Path to adulthood

Empowering young adults with disabilities

By Jill Pease

Jessica Kramer holding iPad

Dr. Jessica Kramer and her team have designed a tool that allows young people with disabilities to have a voice in their own therapy outcomes and goals.

In her research, Jessica Kramer, Ph.D., OTR/L, is guided by a mantra from the disability advocacy community: “Nothing about us without us.”

“I need to make sure the tools, assessments and interventions we develop are relevant to the values and the needs of young adults with disabilities and the best way to do that is to partner with them from the ground up as we’re working, thinking and developing these materials,” said Kramer, an associate professor in the department of occupational therapy.

Through her partnership with young adults with disabilities, Kramer has created an assessment tool that helps them identify their own therapy goals as they enter adulthood. The PEDI-PRO is based on an existing assessment tool — the Pediatric Evaluation of Disability Inventory- Computer Adaptive Test, or PEDI-CAT — that is completed by parents or rehabilitation professionals. Used in parallel to the PEDI-CAT, the PEDI-PRO will give young adults a voice when planning for their future or evaluating their therapy outcomes.

“The young adults with disabilities who will complete the PEDI-PRO are in that stage where they’re preparing to say ‘What do I want from my life as an adult?’ ‘What’s important to me, what are my goals and aspirations, whether that is for work or being a community member or living on my own or not,’” said Kramer, who received her bachelor’s degree in occupational therapy from UF in 1999 before going on to earn graduate degrees from the University of Illinois at Chicago.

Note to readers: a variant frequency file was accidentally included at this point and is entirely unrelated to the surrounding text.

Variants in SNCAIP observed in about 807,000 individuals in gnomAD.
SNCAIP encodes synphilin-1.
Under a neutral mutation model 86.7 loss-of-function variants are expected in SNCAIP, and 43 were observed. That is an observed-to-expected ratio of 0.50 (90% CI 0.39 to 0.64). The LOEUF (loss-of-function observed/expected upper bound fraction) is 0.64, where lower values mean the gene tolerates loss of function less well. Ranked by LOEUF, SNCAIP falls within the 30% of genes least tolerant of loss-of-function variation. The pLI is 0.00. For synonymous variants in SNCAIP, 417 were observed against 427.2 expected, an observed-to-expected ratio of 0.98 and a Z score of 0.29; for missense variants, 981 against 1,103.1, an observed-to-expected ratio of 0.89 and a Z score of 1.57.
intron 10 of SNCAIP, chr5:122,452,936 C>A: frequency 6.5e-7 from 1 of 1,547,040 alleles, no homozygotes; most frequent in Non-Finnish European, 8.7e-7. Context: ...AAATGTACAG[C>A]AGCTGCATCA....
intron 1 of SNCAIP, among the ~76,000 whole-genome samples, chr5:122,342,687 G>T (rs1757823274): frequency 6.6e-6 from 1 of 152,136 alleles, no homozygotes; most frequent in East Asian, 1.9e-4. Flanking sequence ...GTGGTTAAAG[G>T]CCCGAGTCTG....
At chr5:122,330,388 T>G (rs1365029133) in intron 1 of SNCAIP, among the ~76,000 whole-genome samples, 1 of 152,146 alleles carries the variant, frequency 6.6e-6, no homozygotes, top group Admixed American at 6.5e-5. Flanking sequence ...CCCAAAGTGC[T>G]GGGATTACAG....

Kramer and her team have recently received a $1.3 million grant from the Eunice Kennedy Shriver National Institute of Child Health and Human Development as part of the federal Small Business Technology Transfer program. The funding allows the team to conduct a large-scale evaluation of the PEDI-PRO with the goal of bringing the tool to market. Kramer’s co-principal investigator is Dan Davies of AbleLink Smart Living Technologies, the company that designed a user interface optimized for users with cognitive disabilities.

PEDI-PRO users evaluate themselves by selecting meaningful everyday life situations, such as working at a job, going to a restaurant or getting ready in the morning. Within each of these situations, they evaluate their mobility, daily activity skills, and social and cognitive skills.

“If there are areas where young adults report they have strengths or areas where they report they are having difficulty, then the occupational therapist, physical therapist or speech-language therapist, in partnership with parents or caregivers, can collaborate with the young adult to make sure that therapy is addressing those areas in order for the young adult to be prepared and successful to do the things that they want to do or hope to do in adulthood,” Kramer said.

Developing the PEDI-PRO has involved several years of working with community stakeholders, including focus groups with young adults, therapists and other professionals to determine what everyday life situations and functional skills should be included on the assessment. The team also conducted extensive cognitive interview testing to make sure the questions on the PEDI-PRO are easy to understand by users with a range of learning needs.

Kramer’s team of young adult research partners have been critical to the tool’s creation, from providing feedback on how questions are phrased to picking the best pictures to illustrate concepts. The young adult team is currently helping to select the final items that will be included in PEDI-PRO for the large-scale validation. They are also collaborating on another project led by Kramer that is designed to prepare people with intellectual disabilities to engage in research during public health emergencies. The young adult team members are working to ensure that the video and text instructions in the project’s toolkit are easily understood by people with intellectual disabilities.

“Whether it’s designing a new assessment, conducting research or delivering an intervention, we are always thinking about how we might support a young adult with a disability to propel themselves into adulthood and the adulthood they want,” Kramer said.